In mammals, the involvement of miRs in fluid and electrolyte transport has become apparent. A number of studies have illustrated the implications of miRs in ion transport functions. For instances, a direct regulatory role of miR-9 in the expression of large-conductance calcium and voltage-activated potassium channels in neuronal ion transport in alcohol tolerance phenomenon in an adult rat model was identified [5]. The involvement of miR-133a and miR-133b in primary culture of canine cardiomyocytes [6] and miR-1 [7] on potassium channels for cardiac arrhythmias in human samples and rat models were demonstrated. Moreover, indirect regulatory roles of miRs (i.e. miR-155, miR124 & miR-135a) on ion transport were reported via their inhibitory actions on receptors of electrolyte-regulated hormones, angiotensin-I receptor or mineralocorticoid receptor, in screening samples of patients with hypertension [8, 9]. The expression level of the with-no-lysine kinase (wnk1, a regulator of electrolyte homeostasis) in mouse nephrons, was found to be regulated by miR-192. Its expression was modulated by physiological stimuli (i.e. aldosterone or salts loading) [10]. In renal medullary epithelial mIMCD3 cells, tonicity was also identified as a stimulus to regulate miR-200b and miR-717 expression, which inhibit the expression of the transcriptional factor, osmotic response element binding protein (orebp) [11]. In comparison, studies of miRs in osmotic stress responses in fish are limited. Using zebrafish embryos, the expression of the miR-8 family (miR-200) in ionocytes was found to inhibit the expression of Na+/K+-exchanger regulatory cofactor (nherf1) to impair cellular responses to osmotic stress [12]. Using tilapia, decreased expression levels of miR-429 in gills under hyperosmotic stress was observed. An in-vivo inhibitory effect of miR-429 on the expression of osmoregulatory transcription factor (ostf1) in gills [13] and an inhibitory action of miR-30c on the expression of renal hsp70 under hyperosmotic stress [14] were reported. Moreover, differential expression patterns of miRs in gills of marbled eels, Anguilla marmorata adapted at different salinities [i.e. freshwater (FW), brackish-water or seawater (SW)] were described [15]. Japanese eels are euryhaline fish. The osmoregulatory tissue - gills provides an excellent model to study role of miRs in the regulation on plasticity of adaptive osmotic responses in vertebrates. The present study aimed to identify and characterize the involvement of miRs and messenger RNAs (mRNA) under osmotic perturbations. In this report, we used both ex-vivo gill filament and primary gill cell culture models, accompanied with miR-, transcriptome-sequencing and miR inhibition, to identify tonicity-sensitive miRs and to characterize their expressions in gill filaments.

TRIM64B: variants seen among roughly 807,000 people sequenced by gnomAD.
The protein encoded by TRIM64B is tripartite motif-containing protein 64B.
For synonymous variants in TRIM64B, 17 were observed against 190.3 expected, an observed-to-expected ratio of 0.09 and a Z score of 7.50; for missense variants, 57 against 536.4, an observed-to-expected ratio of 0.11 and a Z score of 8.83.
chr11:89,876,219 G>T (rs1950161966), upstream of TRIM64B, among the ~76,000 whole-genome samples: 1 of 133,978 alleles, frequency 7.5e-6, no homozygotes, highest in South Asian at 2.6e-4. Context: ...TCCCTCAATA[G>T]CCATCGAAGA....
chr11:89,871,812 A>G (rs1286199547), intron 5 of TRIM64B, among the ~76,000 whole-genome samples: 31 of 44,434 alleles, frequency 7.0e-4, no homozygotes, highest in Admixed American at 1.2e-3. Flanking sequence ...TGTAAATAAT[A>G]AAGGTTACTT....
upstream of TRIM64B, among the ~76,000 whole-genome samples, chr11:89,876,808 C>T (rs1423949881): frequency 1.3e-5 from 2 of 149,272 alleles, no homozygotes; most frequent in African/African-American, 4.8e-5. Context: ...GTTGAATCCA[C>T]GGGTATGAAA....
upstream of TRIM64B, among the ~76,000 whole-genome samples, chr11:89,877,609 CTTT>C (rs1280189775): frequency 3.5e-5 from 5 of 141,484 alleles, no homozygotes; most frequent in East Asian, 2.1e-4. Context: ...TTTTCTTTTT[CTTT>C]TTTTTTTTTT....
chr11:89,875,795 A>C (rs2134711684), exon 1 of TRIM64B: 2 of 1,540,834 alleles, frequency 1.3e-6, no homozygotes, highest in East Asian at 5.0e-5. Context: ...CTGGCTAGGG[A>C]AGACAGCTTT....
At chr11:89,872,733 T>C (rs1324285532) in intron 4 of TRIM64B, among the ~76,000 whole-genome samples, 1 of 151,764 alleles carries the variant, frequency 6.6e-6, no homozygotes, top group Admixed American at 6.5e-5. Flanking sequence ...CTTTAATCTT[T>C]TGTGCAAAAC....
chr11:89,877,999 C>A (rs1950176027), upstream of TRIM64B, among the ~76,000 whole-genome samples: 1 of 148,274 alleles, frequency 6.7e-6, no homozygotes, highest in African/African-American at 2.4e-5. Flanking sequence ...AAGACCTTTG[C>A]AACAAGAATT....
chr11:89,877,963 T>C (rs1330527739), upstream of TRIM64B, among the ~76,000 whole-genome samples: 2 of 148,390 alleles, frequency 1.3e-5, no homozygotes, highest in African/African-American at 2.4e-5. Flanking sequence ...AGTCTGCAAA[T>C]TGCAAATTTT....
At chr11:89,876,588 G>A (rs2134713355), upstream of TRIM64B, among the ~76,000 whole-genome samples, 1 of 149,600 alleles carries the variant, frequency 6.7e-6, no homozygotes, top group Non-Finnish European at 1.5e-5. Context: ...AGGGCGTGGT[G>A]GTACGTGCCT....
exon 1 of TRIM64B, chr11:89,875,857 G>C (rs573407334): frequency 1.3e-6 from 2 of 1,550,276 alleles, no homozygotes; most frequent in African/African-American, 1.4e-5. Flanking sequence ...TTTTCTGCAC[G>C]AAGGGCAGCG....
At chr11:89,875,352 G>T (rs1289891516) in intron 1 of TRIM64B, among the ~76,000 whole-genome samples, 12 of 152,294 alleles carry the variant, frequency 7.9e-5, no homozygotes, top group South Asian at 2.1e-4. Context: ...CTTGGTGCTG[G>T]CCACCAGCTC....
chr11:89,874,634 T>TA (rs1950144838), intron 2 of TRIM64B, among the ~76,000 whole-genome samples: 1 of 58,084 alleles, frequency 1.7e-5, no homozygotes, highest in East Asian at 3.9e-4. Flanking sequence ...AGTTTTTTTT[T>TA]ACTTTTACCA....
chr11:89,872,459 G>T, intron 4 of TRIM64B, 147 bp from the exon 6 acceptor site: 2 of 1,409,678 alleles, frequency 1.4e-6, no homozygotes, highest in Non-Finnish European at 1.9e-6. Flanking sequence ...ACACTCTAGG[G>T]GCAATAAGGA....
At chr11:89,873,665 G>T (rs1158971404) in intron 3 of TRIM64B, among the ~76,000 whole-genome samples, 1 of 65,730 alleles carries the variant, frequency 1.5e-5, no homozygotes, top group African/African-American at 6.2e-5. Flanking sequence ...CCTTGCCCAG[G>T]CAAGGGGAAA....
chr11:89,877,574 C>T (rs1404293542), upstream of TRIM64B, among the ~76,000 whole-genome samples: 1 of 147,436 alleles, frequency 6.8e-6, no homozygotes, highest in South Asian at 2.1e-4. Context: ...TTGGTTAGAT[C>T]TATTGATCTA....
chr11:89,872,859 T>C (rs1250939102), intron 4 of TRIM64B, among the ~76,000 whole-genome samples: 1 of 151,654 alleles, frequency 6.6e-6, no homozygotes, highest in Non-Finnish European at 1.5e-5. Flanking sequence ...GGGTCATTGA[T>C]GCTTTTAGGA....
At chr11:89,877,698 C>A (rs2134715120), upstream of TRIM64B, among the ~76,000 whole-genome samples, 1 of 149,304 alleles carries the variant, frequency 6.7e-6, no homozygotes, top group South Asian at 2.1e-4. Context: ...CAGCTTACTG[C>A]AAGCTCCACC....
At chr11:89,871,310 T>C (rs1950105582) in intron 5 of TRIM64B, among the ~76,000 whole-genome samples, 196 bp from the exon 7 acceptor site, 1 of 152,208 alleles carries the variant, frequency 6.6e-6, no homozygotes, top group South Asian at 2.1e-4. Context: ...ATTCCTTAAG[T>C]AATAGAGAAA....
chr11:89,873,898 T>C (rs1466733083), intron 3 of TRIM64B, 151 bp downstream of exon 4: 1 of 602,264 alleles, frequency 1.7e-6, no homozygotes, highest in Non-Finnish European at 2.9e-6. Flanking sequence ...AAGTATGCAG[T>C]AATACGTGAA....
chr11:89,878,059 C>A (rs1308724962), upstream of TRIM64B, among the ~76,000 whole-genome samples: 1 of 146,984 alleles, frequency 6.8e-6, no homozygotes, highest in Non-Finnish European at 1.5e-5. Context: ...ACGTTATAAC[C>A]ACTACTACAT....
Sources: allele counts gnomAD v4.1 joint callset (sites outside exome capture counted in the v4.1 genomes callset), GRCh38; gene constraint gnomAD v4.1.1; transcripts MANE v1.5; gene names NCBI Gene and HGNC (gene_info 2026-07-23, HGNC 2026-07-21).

Results

Hyperosmotic treatment induced differential expression of transcriptional Factor-1/regulators, ion channels/transporters and miR biogenesis factors in ex-vivo gill filament culture

Gill filaments of eels were ex-vivo cultured in isotonic (300 mOsmol l− 1) or hypertonic (600 mOsmol l− 1) L-15 medium (penicillin-streptomycin (PS), gentamycin, FBS) at 23 °C for 4, 8 and 24 h. Transcripts levels of ostf1, Na+/Cl-taurine transporter (taut), Na+/H+ exchange regulatory cofactor (nherf1), cystic fibrosis transmembrane regulator (cftr), and inward rectifying K+ channel (kir), were significantly upregulated at hypertonic medium, in a time-dependent manner (Fig. 1). Moreover, the adenosine triphosphatases (ATPases), including the subunits of Na+/K+-ATPase [ATPase Na+/K+ transporting subunit α1 (at1α1), ATPase Na+/K+ transporting subunit α3 (at1α3)], and calcium-transporting ATPase 2 (at2b2) were increased (p < 0.05). The mRNA expression level of V-type proton ATPase 1 (vpp1) was significantly reduced (p < 0.05) while the levels of aquaporin-3 (aqp-3) and Na+/K+/2Cl cotransporter (nkcc, s12a2) mRNA showed no noticeable changes (Fig. 2).

Fig. 1
figure1

Hypertonic stress induces differential gene expression of osmotic stress transcriptional factor and seawater ion transporter. Eel gill filaments were challenged in hyperosmotic (Hyper: 600 mOsmol l− 1) media for 4, 8 and 24 h. Control (Ctrl: 300 mOsmol l− 1) or hypertonic-treated gill filaments were subsequently processed for analysis of tonicity-responsive gene expression by quantitative SYBR Green Real-Time PCR (qRT-PCR). Differential gene expression of osmotic-stress transcriptional factor (ostf1), Na+/K+ exchange regulatory cofactor (nherf1), with-no-lysine kinase 1 (wnk1), inward rectifying K+ channel (kir), cystic fibrosis transmembrane conductance regulator (cftr) and Na+/Cl-taurine transporter (taut) was determined. Gapdh expression was used as internal control for normalization of target gene expression. Results (mean ± s.e.m.) were from five independent experiments. * P < 0.05, ** P < 0.01, *** P < 0.001 vs control

Fig. 2
figure2